“I’m writing to you in the hope that you can shine a public light on the behavior of John Searle, a renowned academic in Berkeley’s philosophy department.”So begins a September 2016 email from then-UC Berkeley philosophy graduate student Jackson Kernion to Buzzfeed. He notes that he had heard several concerns about Searle’s behavior, but that the university did not appear to be taking such concerns seriously:
For years, grad students have voiced concerns about Searle through official channels, hoping for some official response. While there’s been no publicy-announced sanctions or anything like that, it has been suggested to us that complaints about Searle have lead to…something. Searle is now officially retired but he continues to teach a very large lecture course, give seminars, and the university just this month officially opened the John Searle Center for
So here’s my motivation for reaching out to you. It’s clear to me that the university won’t ever voluntarily take away the privileges it grants Searle in terms of institutional support and the opportunity to teach undergraduates. It’s equally clear to me that the university won’t, without outside pressure, make public their own investigations into Searle’s behavior.
In a post at his site, Dr. Kernion recounts what it was like to blow the whistle on Searle, and what Berkeley’s Department of Philosophy was doing at the time. It reveals a lack (probably a fairly common lack) of preparation for how to deal with this kind of situation.
After the the Buzzfeed story broke, the graduate students in the department requested a meeting with faculty:
But at that meeting, and at subsequent meetings, our questions went largely unanswered. Instead, in prepared remarks, our department chair focused on: 1) how the faculty never violated university policies requiring them to report complaints of sexual harassment, and 2) how confidentiality policies limited how much additional information they were allowed to share.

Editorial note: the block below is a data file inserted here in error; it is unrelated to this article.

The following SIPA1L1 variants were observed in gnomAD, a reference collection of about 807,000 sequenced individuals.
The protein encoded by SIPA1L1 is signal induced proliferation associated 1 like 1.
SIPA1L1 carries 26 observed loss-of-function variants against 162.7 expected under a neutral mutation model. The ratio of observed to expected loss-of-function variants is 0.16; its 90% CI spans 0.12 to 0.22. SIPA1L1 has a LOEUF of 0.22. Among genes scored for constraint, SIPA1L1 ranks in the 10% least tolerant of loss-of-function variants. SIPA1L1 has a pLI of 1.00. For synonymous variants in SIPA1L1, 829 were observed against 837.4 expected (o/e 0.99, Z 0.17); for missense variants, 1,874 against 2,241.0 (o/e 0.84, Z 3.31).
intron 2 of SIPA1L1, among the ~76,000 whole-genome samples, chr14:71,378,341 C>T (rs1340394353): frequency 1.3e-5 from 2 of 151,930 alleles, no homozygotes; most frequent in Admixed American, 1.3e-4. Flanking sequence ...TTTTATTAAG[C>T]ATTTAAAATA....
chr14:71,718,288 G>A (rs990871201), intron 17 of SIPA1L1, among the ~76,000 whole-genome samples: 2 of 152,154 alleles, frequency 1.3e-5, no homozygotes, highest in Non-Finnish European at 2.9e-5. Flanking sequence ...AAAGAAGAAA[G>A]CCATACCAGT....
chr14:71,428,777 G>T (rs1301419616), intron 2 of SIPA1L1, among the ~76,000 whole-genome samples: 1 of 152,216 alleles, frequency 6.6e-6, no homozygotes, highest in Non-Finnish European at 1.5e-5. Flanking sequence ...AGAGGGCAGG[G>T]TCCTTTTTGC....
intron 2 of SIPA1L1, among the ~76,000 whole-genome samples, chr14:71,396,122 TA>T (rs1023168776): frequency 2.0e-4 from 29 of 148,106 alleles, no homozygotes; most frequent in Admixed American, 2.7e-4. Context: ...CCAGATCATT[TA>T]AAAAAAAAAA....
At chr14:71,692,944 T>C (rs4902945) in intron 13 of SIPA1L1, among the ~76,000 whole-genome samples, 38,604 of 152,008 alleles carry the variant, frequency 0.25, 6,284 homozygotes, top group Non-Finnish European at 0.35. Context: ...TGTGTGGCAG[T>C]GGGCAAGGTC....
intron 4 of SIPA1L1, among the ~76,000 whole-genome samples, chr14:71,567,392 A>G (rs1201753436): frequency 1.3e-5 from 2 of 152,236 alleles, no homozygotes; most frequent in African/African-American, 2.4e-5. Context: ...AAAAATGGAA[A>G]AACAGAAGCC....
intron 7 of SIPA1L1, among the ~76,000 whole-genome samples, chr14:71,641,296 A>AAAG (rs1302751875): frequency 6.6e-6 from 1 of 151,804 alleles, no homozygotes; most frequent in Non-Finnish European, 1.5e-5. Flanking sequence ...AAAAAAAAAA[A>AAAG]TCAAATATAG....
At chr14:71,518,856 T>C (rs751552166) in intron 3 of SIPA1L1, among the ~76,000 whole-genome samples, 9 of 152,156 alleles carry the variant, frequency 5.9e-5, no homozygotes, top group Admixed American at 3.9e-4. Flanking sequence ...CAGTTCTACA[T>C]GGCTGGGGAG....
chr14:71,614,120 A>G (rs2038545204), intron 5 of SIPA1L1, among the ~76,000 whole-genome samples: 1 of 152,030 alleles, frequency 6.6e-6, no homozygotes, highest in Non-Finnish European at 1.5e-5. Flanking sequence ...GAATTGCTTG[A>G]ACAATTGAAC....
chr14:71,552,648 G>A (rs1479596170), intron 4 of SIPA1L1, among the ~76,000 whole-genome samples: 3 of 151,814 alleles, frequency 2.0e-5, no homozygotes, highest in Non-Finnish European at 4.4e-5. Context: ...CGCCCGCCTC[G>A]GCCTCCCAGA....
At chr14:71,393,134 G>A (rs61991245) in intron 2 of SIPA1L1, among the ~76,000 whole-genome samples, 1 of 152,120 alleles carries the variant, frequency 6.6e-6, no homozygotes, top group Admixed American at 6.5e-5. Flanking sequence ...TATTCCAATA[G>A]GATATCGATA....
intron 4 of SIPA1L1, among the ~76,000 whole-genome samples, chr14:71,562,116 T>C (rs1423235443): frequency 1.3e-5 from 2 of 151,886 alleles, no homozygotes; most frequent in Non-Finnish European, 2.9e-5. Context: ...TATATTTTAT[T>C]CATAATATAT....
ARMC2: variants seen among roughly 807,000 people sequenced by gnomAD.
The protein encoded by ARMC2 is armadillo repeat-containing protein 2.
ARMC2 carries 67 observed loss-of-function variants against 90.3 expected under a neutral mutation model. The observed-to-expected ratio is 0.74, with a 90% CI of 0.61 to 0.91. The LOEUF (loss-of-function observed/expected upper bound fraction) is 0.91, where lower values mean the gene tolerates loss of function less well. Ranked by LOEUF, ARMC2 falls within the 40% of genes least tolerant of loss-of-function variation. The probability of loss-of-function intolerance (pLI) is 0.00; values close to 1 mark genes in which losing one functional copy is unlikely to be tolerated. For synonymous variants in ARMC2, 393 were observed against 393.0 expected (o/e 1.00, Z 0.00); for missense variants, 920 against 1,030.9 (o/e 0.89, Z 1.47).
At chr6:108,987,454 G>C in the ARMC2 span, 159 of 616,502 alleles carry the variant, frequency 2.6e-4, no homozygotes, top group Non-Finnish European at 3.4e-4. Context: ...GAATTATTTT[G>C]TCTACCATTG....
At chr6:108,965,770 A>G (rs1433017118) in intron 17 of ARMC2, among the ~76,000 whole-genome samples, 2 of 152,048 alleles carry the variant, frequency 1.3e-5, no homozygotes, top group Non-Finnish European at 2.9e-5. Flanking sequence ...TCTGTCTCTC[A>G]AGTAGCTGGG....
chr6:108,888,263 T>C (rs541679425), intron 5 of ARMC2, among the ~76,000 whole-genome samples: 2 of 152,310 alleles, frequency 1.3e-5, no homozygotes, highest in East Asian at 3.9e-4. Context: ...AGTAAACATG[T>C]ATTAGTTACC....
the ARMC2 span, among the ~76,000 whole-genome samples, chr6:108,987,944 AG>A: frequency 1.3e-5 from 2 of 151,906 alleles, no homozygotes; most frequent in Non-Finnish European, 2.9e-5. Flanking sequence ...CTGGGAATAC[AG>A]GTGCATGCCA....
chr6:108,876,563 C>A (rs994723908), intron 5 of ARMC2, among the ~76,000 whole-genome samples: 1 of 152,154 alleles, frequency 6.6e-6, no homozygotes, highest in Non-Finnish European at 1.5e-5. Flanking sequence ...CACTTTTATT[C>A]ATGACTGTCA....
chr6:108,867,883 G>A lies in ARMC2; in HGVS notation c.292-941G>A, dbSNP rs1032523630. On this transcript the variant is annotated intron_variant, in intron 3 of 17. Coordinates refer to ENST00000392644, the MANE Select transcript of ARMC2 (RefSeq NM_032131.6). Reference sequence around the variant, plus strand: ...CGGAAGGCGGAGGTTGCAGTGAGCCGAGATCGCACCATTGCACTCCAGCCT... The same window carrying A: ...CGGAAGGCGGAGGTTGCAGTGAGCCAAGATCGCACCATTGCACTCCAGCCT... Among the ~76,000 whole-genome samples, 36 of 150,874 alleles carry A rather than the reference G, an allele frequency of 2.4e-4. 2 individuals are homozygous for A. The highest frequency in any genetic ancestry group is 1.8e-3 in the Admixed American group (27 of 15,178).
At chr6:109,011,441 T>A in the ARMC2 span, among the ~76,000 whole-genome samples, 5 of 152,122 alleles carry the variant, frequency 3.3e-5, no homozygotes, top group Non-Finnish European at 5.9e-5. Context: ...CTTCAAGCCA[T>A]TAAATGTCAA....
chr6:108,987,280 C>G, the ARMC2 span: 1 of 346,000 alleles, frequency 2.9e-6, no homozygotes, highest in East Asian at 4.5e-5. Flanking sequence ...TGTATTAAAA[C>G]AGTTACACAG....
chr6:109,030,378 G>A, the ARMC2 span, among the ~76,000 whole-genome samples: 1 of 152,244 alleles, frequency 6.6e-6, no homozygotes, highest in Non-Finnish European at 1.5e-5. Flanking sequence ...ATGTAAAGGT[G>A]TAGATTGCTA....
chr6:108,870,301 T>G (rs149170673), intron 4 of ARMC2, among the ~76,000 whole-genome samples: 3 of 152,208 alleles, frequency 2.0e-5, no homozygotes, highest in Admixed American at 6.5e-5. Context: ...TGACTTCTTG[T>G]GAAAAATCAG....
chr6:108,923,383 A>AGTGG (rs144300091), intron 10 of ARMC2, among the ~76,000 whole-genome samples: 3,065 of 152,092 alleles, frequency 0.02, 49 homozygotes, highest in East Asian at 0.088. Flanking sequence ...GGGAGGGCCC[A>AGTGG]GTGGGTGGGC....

This was inadequate.
That they themselves didn’t violate university policies was beside the point. What I took the grad students to be asking for was some kind of reassurance that the faculty were committed to acting in a morally responsible way–that they took their obligations as leaders of our community seriously. But no such reassurance was provided. They instead wanted to shift focus from ethical responsibilities to employment responsibilities.
And when I pressed the faculty, in that meeting, to give a more precise characterization of what they were/weren’t allowed to share under the university’s confidentiality policies, they weren’t able to give me a clear answer.
I told them that, as I understood the policy–after carefully reading it–it required us to not disclose information communicated to us ‘from above’ (i.e. information collected by the university and then provided to an employee, so that they could do their job), but it did not preclude us from swapping stories and sharing our own first-person knowledge of Searle’s misconduct. The key idea being: it seemed to me like we had been misled into thinking we couldn’t talk about this stuff more openly.
That the professors themselves didn’t seem to have a firm grip on the confidentiality policy was revealing to me: they’d never gotten as far in their own contemplation of how to respond to rumors of Searle’s misconduct as I did. I felt that I had to send that email to BuzzFeed, to uphold my responsibilities. I could only presume that they did not feel similarly.
So I found the faculty’s position hard to understand. Weren’t they afraid of damaging their relationship with the grad students? Did they not see how, in the absence of transparency, we’d jump to an unflattering-to-the-faculty interpretation of events? Why were they showing such deference to the administration? Did they not worry about how this lame response would hurt the department’s reputation? On narrow self-interest grounds, shouldn’t they have taken a different stance? What exactly were their motivations?
At the time, Dr. Kernion had only told a few close friends about his connection to the Buzzfeed investigative report, but he had been pushing for more information from the department about the matter.
I was surprised when my efforts to push for more information were met with hostility. I was made to feel like some kind of weirdo, for thinking we needed to talk about what had happened and have more transparency. That faculty members thought I was being unreasonable angered me more than anything else.
This was disorienting. I had to update my understanding of ‘how the world works’. I started to find it difficult to develop and sustain trusting professional relationships. If academic philosophers passively accepted Searle’s abusive behavior, what else were they passively accepting?
You can read Dr. Kernion’s full post here.